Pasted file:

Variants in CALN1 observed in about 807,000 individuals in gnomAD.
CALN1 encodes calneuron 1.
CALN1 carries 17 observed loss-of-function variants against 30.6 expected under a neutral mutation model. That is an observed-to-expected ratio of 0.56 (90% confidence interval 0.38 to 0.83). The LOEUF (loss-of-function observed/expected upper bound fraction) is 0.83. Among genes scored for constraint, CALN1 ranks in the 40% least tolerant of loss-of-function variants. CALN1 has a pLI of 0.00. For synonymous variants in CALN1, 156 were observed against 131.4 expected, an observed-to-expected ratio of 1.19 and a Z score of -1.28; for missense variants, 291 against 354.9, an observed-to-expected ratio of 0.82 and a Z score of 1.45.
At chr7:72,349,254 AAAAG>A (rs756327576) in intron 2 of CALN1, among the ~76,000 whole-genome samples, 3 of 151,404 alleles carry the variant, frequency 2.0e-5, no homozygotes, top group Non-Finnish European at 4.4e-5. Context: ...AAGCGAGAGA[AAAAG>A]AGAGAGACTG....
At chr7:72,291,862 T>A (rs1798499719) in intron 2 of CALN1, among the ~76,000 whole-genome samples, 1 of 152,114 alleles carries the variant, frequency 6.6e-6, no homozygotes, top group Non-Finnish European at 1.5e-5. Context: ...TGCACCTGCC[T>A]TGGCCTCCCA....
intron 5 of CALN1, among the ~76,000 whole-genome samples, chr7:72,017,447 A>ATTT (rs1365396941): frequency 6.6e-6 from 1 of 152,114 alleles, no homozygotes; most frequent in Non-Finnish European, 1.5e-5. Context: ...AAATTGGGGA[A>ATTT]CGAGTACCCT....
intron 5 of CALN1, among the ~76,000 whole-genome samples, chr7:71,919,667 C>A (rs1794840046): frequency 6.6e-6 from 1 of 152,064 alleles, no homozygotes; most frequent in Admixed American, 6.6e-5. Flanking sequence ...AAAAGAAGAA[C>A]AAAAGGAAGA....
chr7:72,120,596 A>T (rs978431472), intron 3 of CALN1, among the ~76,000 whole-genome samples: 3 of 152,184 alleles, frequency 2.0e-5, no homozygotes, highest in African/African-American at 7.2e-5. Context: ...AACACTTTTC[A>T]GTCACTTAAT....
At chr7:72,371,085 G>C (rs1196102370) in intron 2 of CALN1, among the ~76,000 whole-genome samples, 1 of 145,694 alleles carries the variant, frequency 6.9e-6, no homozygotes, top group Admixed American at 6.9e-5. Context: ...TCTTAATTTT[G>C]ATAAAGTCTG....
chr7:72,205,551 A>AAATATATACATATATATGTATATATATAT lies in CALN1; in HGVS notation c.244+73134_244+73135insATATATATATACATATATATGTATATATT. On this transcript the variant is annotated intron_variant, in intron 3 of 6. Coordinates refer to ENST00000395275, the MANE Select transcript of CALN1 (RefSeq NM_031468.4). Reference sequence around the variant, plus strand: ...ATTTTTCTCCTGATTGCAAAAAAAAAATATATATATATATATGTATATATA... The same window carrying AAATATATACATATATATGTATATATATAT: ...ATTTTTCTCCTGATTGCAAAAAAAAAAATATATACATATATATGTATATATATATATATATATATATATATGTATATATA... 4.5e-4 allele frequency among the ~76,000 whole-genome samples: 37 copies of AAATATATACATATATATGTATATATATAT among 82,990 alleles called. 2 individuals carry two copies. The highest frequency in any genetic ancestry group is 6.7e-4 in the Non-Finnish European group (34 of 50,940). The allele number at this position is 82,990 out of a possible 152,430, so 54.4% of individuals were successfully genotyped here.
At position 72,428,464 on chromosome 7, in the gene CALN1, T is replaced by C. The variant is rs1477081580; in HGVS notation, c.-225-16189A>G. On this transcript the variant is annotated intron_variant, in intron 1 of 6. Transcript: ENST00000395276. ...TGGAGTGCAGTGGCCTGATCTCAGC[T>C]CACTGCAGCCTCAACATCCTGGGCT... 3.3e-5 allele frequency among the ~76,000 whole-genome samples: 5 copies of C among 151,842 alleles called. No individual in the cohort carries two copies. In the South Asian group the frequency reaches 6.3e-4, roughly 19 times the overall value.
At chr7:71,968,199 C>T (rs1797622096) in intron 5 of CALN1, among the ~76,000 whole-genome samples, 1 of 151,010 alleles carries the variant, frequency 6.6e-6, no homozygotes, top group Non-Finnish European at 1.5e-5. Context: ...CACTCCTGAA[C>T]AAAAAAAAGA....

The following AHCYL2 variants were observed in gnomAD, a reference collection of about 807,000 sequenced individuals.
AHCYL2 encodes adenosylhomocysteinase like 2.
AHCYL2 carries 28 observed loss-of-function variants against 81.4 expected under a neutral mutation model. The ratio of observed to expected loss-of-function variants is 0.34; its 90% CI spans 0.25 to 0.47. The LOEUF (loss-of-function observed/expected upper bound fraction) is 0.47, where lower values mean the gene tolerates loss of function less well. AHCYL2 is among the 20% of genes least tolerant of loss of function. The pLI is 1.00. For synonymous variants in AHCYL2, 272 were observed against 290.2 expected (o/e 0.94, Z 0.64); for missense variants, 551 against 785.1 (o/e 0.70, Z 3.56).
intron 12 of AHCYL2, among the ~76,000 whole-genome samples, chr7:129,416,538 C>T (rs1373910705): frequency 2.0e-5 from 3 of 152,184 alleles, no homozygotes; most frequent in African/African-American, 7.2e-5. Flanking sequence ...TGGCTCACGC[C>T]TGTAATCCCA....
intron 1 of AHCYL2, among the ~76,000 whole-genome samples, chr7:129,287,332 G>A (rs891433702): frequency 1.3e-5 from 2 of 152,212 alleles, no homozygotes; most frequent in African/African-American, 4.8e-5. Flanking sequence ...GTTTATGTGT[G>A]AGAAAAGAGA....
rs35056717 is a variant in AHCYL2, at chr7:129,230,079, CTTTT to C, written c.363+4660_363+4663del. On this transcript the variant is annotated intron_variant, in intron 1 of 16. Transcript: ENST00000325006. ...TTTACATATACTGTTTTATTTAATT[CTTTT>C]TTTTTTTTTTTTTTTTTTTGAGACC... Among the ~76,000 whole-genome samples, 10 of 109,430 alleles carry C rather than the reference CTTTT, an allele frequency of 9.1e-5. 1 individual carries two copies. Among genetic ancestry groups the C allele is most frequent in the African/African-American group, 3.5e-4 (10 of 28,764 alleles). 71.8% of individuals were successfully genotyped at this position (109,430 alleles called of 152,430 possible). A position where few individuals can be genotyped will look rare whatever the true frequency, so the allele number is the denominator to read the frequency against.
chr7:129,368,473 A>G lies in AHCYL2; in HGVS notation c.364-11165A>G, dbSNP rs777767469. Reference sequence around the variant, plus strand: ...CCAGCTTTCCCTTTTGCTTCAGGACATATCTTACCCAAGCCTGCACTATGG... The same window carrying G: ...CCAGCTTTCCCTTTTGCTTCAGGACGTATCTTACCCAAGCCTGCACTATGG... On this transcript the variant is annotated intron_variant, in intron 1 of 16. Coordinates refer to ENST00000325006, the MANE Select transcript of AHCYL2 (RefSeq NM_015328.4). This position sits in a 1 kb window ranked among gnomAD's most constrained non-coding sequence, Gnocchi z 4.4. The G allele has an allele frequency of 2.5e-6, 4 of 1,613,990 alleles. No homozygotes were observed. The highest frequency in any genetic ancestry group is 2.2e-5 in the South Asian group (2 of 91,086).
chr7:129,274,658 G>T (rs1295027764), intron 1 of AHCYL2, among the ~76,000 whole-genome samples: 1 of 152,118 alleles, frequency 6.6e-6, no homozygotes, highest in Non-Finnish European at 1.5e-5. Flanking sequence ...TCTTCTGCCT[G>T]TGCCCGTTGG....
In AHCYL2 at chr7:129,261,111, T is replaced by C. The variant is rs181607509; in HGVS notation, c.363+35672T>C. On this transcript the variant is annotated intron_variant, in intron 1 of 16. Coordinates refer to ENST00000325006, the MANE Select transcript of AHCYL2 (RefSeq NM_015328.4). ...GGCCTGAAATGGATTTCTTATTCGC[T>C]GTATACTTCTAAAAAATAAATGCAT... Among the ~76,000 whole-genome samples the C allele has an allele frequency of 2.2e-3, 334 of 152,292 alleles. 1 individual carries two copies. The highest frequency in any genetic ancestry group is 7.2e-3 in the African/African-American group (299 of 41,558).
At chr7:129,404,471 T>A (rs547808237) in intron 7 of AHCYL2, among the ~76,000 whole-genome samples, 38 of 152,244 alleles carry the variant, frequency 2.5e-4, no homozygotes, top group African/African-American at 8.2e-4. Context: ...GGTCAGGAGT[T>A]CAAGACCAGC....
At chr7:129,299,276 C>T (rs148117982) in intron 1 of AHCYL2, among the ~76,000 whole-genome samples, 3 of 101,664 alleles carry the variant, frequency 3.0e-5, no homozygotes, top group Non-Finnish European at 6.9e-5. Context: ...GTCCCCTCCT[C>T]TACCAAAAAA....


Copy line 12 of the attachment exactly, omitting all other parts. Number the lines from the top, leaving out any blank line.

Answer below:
At chr7:71,968,199 C>T (rs1797622096) in intron 5 of CALN1, among the ~76,000 whole-genome samples, 1 of 151,010 alleles carries the variant, frequency 6.6e-6, no homozygotes, top group Non-Finnish European at 1.5e-5. Context: ...CACTCCTGAA[C>T]AAAAAAAAGA....